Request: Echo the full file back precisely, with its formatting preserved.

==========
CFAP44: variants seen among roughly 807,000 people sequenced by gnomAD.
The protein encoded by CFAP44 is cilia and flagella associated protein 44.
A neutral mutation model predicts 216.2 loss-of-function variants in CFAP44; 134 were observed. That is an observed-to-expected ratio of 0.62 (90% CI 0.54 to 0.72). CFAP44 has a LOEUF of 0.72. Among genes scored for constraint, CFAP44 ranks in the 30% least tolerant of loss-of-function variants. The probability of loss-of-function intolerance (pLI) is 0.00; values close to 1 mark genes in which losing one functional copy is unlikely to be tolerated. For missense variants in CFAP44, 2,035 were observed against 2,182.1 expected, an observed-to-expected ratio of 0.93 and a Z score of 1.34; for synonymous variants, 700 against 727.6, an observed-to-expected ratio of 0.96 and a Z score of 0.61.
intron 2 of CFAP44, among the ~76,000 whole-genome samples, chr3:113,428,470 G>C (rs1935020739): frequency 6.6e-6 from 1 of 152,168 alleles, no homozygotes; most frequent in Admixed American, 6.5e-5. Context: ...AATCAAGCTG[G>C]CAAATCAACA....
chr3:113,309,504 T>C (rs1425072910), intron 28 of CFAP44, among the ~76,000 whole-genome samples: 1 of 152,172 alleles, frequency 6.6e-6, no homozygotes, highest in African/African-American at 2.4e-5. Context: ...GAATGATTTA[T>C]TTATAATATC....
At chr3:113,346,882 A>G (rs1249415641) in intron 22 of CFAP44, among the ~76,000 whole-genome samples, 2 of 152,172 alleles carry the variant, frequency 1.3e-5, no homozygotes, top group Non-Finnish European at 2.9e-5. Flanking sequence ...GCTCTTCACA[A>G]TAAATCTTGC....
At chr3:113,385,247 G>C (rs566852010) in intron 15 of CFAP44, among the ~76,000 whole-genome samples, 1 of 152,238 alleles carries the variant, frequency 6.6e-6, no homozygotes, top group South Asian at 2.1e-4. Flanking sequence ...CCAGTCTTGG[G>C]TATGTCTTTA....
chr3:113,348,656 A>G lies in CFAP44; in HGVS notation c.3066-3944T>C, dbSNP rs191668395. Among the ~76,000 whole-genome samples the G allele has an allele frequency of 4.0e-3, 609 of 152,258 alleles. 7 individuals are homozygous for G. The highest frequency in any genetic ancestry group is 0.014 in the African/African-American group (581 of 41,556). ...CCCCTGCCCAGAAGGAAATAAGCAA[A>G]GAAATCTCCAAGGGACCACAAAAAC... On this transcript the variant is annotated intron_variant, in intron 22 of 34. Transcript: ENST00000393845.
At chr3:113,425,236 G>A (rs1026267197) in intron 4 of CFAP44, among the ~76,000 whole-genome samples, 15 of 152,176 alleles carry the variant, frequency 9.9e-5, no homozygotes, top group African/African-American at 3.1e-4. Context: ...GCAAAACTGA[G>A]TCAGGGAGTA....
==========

CFAP44: variants seen among roughly 807,000 people sequenced by gnomAD.
The protein encoded by CFAP44 is cilia and flagella associated protein 44.
A neutral mutation model predicts 216.2 loss-of-function variants in CFAP44; 134 were observed. That is an observed-to-expected ratio of 0.62 (90% CI 0.54 to 0.72). CFAP44 has a LOEUF of 0.72. Among genes scored for constraint, CFAP44 ranks in the 30% least tolerant of loss-of-function variants. The probability of loss-of-function intolerance (pLI) is 0.00; values close to 1 mark genes in which losing one functional copy is unlikely to be tolerated. For missense variants in CFAP44, 2,035 were observed against 2,182.1 expected, an observed-to-expected ratio of 0.93 and a Z score of 1.34; for synonymous variants, 700 against 727.6, an observed-to-expected ratio of 0.96 and a Z score of 0.61.
intron 2 of CFAP44, among the ~76,000 whole-genome samples, chr3:113,428,470 G>C (rs1935020739): frequency 6.6e-6 from 1 of 152,168 alleles, no homozygotes; most frequent in Admixed American, 6.5e-5. Context: ...AATCAAGCTG[G>C]CAAATCAACA....
chr3:113,309,504 T>C (rs1425072910), intron 28 of CFAP44, among the ~76,000 whole-genome samples: 1 of 152,172 alleles, frequency 6.6e-6, no homozygotes, highest in African/African-American at 2.4e-5. Context: ...GAATGATTTA[T>C]TTATAATATC....
At chr3:113,346,882 A>G (rs1249415641) in intron 22 of CFAP44, among the ~76,000 whole-genome samples, 2 of 152,172 alleles carry the variant, frequency 1.3e-5, no homozygotes, top group Non-Finnish European at 2.9e-5. Flanking sequence ...GCTCTTCACA[A>G]TAAATCTTGC....
At chr3:113,385,247 G>C (rs566852010) in intron 15 of CFAP44, among the ~76,000 whole-genome samples, 1 of 152,238 alleles carries the variant, frequency 6.6e-6, no homozygotes, top group South Asian at 2.1e-4. Flanking sequence ...CCAGTCTTGG[G>C]TATGTCTTTA....
chr3:113,348,656 A>G lies in CFAP44; in HGVS notation c.3066-3944T>C, dbSNP rs191668395. Among the ~76,000 whole-genome samples the G allele has an allele frequency of 4.0e-3, 609 of 152,258 alleles. 7 individuals are homozygous for G. The highest frequency in any genetic ancestry group is 0.014 in the African/African-American group (581 of 41,556). ...CCCCTGCCCAGAAGGAAATAAGCAA[A>G]GAAATCTCCAAGGGACCACAAAAAC... On this transcript the variant is annotated intron_variant, in intron 22 of 34. Transcript: ENST00000393845.
At chr3:113,425,236 G>A (rs1026267197) in intron 4 of CFAP44, among the ~76,000 whole-genome samples, 15 of 152,176 alleles carry the variant, frequency 9.9e-5, no homozygotes, top group African/African-American at 3.1e-4. Context: ...GCAAAACTGA[G>A]TCAGGGAGTA....